Along with urea, there was another factor that I wanted to look into, the composition of Dr. Ellis’ shirt. I looked at the wrinkle-free cotton shirts on the Brooks Brothers website and found them comprised of 100% non-iron cotton, and here we have located our second culprit.
100% cotton or not, “non-iron” anything is not natural. To achieve a “wrinkle-free” textile, the cotton is treated with a chemical finish that may be convenient, but is not necessarily a good thing. The chemicals used in the finish may be a part of the reason that the shirt stained – synthetic elements tend to “hang on” to stains (and sometimes smells – who of you 70s children remember your stinky unbreathable polyester shirts?).
The J. Simon Shirtmaker site explains that “non-iron” garments decrease the quality and the life cycle of the shirt, and that the chemicals in the “wrinkle-free” treatment may actually be harmful to us (one of these days I’ll write a blog explaining what the shirt you are wearing goes through before it climbs onto your back – you’ll be amazed).
J. Simon, that happens to be a supplier to Brooks Brothers, says, “The truth is, the word “genius” is used too often. What is “genius” is that wrinkle-free has proven to be a great marketing hook that many are using. But for the customer that really appreciates 100% cotton, it doesn’t deliver. Next time, buy a classic cotton shirt, deal with the ironing, and leave the wrinkle-free for the sale racks.”
Treating perspiration stains
So now we know why Dr. Ellis’ shirt stained, but what can the good doctor do about it? I reached for my trusty Fabric Reference text book to find out:
Option 1: Work undiluted liquid detergent into the stain to penetrate. I suggest that it might be even better if the garment is damp when you apply the detergent. I found an excellent site that suggests to lay the garment out in the sun after you’ve worked in the soap and leave it out for an afternoon.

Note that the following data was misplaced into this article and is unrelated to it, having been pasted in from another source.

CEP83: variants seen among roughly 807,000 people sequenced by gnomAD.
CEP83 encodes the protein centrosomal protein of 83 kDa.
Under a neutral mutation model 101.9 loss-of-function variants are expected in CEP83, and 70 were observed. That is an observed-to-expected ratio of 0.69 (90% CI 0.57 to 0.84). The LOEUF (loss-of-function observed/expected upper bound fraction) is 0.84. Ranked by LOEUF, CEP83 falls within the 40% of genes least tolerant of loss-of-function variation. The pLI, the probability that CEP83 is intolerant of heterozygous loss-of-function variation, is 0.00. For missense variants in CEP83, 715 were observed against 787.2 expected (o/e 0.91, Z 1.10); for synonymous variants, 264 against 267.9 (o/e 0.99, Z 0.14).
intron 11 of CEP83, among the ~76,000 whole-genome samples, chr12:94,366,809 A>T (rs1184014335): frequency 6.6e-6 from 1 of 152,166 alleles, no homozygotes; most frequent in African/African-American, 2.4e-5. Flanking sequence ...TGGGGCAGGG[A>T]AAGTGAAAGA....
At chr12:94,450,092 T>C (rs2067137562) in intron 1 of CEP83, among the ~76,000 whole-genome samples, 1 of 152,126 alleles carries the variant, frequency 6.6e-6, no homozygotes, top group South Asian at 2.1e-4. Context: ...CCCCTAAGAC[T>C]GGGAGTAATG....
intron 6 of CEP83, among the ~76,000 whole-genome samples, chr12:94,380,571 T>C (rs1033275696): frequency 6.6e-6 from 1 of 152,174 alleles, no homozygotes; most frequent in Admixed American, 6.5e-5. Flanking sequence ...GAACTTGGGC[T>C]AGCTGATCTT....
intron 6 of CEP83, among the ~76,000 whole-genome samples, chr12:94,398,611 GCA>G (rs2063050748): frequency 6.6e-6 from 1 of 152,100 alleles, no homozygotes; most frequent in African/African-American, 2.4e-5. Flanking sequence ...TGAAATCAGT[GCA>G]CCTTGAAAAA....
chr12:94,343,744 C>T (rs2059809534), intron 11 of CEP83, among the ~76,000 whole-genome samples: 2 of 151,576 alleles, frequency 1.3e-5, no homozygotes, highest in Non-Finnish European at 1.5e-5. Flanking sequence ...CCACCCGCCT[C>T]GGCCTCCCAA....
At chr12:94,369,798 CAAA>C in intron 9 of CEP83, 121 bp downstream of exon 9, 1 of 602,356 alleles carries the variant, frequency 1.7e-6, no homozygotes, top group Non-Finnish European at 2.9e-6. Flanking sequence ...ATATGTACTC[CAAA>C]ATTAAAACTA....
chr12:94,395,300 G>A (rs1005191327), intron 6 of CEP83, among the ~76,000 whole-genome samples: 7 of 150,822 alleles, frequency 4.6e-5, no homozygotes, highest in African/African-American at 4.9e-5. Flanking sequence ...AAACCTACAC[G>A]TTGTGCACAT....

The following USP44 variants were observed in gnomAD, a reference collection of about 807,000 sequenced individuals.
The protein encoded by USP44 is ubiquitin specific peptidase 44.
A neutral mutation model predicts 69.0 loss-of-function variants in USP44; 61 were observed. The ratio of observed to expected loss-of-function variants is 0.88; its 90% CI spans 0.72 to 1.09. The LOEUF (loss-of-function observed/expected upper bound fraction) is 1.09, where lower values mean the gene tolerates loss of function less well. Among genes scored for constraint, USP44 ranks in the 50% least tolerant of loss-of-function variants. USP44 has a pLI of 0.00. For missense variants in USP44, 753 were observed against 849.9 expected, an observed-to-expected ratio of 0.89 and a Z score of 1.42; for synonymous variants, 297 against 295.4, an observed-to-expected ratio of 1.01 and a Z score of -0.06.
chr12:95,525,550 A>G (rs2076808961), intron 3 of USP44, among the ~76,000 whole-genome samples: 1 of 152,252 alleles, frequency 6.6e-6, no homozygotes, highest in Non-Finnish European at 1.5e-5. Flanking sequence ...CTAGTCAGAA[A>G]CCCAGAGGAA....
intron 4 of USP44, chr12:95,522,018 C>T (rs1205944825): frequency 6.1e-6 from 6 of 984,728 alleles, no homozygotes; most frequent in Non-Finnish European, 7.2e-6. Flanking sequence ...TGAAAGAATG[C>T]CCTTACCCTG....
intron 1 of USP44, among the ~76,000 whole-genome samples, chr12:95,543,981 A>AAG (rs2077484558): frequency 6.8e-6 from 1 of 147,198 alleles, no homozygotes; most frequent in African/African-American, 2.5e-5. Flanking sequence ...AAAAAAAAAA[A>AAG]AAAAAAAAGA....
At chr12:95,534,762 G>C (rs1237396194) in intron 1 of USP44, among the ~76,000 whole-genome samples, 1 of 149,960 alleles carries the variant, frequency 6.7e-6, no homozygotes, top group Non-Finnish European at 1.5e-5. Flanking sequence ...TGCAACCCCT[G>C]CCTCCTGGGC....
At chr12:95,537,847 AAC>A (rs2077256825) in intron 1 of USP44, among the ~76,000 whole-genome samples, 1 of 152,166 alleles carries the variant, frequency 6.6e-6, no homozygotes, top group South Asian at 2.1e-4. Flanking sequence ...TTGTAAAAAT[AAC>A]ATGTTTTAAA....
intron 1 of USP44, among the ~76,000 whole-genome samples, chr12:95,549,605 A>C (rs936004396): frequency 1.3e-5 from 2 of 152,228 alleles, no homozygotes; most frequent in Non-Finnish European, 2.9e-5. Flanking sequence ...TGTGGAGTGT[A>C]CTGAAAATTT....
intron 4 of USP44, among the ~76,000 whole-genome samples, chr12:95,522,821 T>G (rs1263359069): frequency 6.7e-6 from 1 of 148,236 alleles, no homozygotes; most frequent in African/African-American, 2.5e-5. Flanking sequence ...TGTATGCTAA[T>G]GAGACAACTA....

Option 2: Wash with an enzyme pre-soak or enzyme detergent (a detergent to break down starch, protein, and fat).
Option 3: Wash in water as hot as is safe for that garment.
I found other good information online about preventing and treating perspiration stains, from lemon juice to baking powder (also good for ring-around-the-collar). Though I don’t usually give much weight to information found on random online forums, I did find this Yahoo! Answers to perspiration stains fairly good.
Alternatives to Botox and stain-removal
1. Dress shields
Wonderful, discreet, shirt-saving ovals that you will wonder how you lived without. We used to pin these into the armholes of costumes in Theatre school for the comfort of the warm actors under the hot lights and to save the costumes. Dress shields can easily be made from unbleached cotton muslin and pinned in the sleeve seam with safety pins, hand-washed, and reused over and over.
Dress shields can also be ordered online. Avardi does fantastic adhesive dress shields and other garment-saving underthings like t-shirts with built-in dress shields (wonderful for the winter) and collar protectors (“White Collar Grime” collar strips – love it).
2. Natural alternatives
Along with mentioning dress shields (they call them “sweat pads”), this site explains some natural ways to deal with sweating.
3. Stop sweating and start living
In my online travels, I came across an e-book with a 100% money-back guarantee that promises “All-natural techniques for fast & safe relief from excessive perspiration!” The testimonials rave about the process. “The Stop Sweating and Start Living remedy is a practical and unique treatment that permanently gets rid of your underarm sweat problem – naturally and without side effects,” it promises.
The site explains that Hyperhidrosis can “drain your self-esteem, kill your self-confidence, and cause you to waste time and energy worrying about your problem.” Notes on the site mention people wearing baggy black clothing to hide their wetness (works for hefty types too – I hid in baggy black clothing when I was 30 lbs overweight and I know that dressing this way does NOTHING for the soul nor the self-esteem).
It’s sad that something so natural can weigh so heavily on our day-to-day living, but thank goodness we’re moving farther away from afflictions that threaten to topple our confidence. It’s nice to have a choice of treatment from natural relief to periodic injections that can get a handle on the sweat and help us get on with it. Whew!